Tamron 15-30mm F/2.8 Di VC USD G2 Lens Review
March 20, 2019
When Tamron released the first generation of its wide-angle zoom lens, it was the first model in its class to offer built-in image stabilization. Fast forward four years and the market for stabilized wide-angle zooms is still pretty sparse.
The lens minimizes wide-angle distortion and chromatic aberration through the use of an XGM (eXpanded Glass Molded Aspherical) lens element plus multiple LD (Low Dispersion) lens elements. The G2 is the beneficiary of new AX (Anti-reflection eXpand) coating, which the company says they’re able to deposit on lens elements more uniformly thanks to new deposition technology. The coating helps reduce flare and ghosting, particularly from peripheral areas of the lens, where the AX coating can now reach. There’s fluorine coating on the front lens element to make it easier to wipe away dust and fingerprints.
Dual Micro-Processing Units and a tweaked algorithm give the lens improved AF speed and image stabilization over its predecessor, according to Tamron. You’ll enjoy a fast f/2.8 aperture throughout the zoom range and the lens’s nine-blade aperture stops down to f/22. It can focus on objects as close as 11 inches (at 30mm). A full-time manual focus override function lets you tweak focus manually even when the lens or camera is in autofocus mode.
Superficially, the design of the 15-30mm G2 is mostly the same as the G1—it still offers a weather-sealed design that weighs in at a fairly hefty 2.5 pounds. It is heavier than both the Sigma 14-24mm f/2.8 Art lens and Nikon’s AF-S 14-24mm f/2.8, though not quite as beefy as Canon’s 11-24mm f/4 USM lens.
Don’t Miss: Great Wide-Angle Lenses
The major design difference between the G1 and G2 is the addition of a drop-in filter slot, which is a boon for landscape photographers. That said, the implementation of the slot is somewhat unorthodox—rather than slide one in cartridge-style, the filter drops in a tiny slot between the lens and sensor. Patiño says that’s not ideal. For one thing, changing the filter means un-mounting the lens from the camera body which can introduce dust onto the sensor when you’re working outdoors. What’s more, the filter slot is not available for the Nikon mount version of the lens, only the Canon edition.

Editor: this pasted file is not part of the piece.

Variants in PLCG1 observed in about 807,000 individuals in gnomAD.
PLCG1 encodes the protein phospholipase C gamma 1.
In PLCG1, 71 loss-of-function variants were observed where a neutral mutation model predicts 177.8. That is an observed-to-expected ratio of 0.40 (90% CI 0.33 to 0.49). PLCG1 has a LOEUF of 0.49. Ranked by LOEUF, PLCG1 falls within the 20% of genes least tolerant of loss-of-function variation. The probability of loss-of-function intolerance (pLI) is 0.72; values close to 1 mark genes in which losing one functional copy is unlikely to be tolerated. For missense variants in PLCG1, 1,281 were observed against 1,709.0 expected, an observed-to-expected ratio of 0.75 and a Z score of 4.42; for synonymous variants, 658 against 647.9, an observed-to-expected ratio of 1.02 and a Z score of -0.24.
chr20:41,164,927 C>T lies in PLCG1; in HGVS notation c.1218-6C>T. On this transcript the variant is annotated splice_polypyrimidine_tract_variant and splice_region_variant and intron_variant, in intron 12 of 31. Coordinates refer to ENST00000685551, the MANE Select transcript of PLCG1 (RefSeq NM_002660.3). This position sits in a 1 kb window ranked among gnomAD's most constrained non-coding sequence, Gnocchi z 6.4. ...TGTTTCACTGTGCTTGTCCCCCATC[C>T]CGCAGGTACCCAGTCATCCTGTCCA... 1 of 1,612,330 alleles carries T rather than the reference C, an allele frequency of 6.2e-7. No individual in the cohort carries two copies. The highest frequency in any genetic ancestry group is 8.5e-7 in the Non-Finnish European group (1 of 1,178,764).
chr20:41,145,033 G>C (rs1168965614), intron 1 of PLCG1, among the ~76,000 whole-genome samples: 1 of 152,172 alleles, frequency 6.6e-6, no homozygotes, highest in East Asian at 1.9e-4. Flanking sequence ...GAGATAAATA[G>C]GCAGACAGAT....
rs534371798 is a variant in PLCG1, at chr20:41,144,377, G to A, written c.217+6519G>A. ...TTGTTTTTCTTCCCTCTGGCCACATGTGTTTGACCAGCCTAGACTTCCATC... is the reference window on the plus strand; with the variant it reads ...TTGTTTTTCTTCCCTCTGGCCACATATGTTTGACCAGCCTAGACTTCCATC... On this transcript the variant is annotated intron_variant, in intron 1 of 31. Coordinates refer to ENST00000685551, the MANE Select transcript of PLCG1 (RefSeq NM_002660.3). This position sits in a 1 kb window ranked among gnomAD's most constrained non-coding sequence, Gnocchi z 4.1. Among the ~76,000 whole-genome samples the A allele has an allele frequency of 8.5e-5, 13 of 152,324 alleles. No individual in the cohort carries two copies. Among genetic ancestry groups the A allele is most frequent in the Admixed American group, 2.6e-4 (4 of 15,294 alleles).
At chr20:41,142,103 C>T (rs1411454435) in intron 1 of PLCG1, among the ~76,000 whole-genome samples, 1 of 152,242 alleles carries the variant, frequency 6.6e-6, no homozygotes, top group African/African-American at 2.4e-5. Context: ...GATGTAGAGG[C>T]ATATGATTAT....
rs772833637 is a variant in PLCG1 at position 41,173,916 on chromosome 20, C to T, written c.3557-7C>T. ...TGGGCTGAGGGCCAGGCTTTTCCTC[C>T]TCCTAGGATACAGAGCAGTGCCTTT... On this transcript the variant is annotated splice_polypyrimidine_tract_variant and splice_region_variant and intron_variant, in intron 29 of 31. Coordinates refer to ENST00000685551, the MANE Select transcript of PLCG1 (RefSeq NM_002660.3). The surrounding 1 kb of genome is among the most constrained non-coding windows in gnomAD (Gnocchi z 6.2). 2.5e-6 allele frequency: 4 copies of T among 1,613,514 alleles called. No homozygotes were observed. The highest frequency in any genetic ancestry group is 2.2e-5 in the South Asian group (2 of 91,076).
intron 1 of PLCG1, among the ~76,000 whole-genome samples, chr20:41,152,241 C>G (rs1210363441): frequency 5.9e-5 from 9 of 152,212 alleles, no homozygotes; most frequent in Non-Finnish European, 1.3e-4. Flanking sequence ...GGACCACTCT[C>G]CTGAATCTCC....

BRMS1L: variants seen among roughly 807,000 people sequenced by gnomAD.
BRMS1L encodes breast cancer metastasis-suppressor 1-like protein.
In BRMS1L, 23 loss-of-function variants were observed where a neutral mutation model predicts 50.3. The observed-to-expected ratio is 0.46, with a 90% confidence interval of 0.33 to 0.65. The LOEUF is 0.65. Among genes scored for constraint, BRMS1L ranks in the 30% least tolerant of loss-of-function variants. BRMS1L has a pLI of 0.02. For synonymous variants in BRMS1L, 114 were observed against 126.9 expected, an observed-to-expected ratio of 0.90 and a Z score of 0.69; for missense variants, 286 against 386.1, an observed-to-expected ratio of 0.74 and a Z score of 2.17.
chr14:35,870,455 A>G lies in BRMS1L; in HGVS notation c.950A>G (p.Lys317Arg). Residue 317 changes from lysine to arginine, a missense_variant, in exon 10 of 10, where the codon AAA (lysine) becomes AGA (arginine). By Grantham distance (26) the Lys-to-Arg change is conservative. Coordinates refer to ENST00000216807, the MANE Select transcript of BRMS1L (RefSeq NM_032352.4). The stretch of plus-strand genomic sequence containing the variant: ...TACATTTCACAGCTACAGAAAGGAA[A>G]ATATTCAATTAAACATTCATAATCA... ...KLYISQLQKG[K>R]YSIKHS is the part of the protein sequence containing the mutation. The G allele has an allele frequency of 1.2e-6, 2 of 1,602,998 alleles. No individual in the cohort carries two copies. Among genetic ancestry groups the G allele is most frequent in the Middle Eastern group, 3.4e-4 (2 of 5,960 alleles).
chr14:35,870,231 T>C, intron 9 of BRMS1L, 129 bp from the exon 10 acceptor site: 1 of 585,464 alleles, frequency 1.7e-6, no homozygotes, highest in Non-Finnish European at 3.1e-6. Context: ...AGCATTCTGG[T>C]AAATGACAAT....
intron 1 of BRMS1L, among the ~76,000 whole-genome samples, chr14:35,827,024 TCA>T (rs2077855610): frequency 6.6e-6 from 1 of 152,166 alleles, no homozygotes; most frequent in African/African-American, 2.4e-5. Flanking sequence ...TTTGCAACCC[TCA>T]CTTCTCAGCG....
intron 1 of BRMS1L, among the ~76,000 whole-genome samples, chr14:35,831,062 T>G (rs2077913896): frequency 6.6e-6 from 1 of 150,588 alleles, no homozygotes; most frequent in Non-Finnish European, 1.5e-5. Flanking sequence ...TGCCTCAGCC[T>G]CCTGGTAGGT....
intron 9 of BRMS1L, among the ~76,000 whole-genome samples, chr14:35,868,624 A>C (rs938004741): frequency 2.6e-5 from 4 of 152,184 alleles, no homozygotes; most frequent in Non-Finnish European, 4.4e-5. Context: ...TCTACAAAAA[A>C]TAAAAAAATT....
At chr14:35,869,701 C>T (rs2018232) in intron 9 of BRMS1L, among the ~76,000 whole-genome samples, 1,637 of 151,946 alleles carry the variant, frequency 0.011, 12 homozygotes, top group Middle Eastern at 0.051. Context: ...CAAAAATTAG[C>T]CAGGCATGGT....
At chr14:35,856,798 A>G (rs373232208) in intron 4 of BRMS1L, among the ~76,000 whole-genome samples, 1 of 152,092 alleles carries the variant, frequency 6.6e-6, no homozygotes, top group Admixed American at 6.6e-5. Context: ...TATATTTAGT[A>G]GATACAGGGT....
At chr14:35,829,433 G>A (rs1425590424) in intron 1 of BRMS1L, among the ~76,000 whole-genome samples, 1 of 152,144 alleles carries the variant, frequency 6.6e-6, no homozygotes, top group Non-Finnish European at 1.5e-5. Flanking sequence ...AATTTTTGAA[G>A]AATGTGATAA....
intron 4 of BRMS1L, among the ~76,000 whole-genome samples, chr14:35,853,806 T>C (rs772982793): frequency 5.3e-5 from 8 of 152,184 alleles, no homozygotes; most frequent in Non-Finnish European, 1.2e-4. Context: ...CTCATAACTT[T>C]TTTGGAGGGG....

Keep in mind that many lenses in this class, like the aforementioned Sigma Art lens, do not have any filter slot options.
Image Quality & Performance
Patiño was such a fan of the image quality of the original version of this lens that he bought one when our test concluded. To test the G2, Patiño shot interiors of a new music studio using the Canon 5DS and mounted the lens on a 1 DX Mark II and a Ronan for a music video. He also took some handheld shots with the G2 on the 1D X Mark II.
In his view, the G2 offered image quality that was extremely pleasing, though the differences between the first gen model and the second were subtle, he says. There was no visible chromatic aberration in Patiño’s shots and the lens did an excellent job resolving the plentiful pixels on Canon’s 5DS, even out by the edges of the frame.
The G2 does seem to have zippier autofocusing. Patiño says that it handled the 1D X Mark II’s Servo AF mode quite well.
Like the original, Tamron’s second-generation 15-30mm f/2.8 lens has no real direct competitors. It’s not only a unique zoom, but with improved autofocusing and robust image stabilization it’s also fairly unique among close competitors. It’s less expensive than Canon’s 11-24mm f/4 and Nikon’s 14-24mm f/2.8 while offering image stabilization that both lenses lack.
If you don’t own the original, the G2 is definitely worth it, Patiño tells us. If you own the G1, upgrading is a tougher call if only because the first edition still holds up so well, he adds.
Tamron 15-30mm f/2.8 G2
PROS: Excellent resolving power and image quality; good build quality; improved image stabilization; faster autofocusing.
CONS: Filter slot not available for Nikon cameras; heavier than some close competitors.